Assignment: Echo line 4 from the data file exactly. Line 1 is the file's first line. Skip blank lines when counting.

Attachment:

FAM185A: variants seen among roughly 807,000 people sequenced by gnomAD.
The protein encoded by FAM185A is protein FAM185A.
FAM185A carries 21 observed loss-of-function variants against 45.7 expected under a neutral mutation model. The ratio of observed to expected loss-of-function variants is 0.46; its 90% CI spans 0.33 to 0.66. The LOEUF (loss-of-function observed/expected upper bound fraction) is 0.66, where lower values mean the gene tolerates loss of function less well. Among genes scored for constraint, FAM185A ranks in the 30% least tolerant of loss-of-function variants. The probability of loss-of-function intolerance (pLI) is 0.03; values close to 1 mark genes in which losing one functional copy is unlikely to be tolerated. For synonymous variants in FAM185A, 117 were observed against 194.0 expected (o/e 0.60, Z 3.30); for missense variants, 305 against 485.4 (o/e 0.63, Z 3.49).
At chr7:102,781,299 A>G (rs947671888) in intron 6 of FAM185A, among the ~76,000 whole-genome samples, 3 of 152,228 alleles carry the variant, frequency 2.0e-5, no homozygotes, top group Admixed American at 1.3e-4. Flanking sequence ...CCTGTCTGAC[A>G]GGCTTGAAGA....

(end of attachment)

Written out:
At chr7:102,781,299 A>G (rs947671888) in intron 6 of FAM185A, among the ~76,000 whole-genome samples, 3 of 152,228 alleles carry the variant, frequency 2.0e-5, no homozygotes, top group Admixed American at 1.3e-4. Flanking sequence ...CCTGTCTGAC[A>G]GGCTTGAAGA....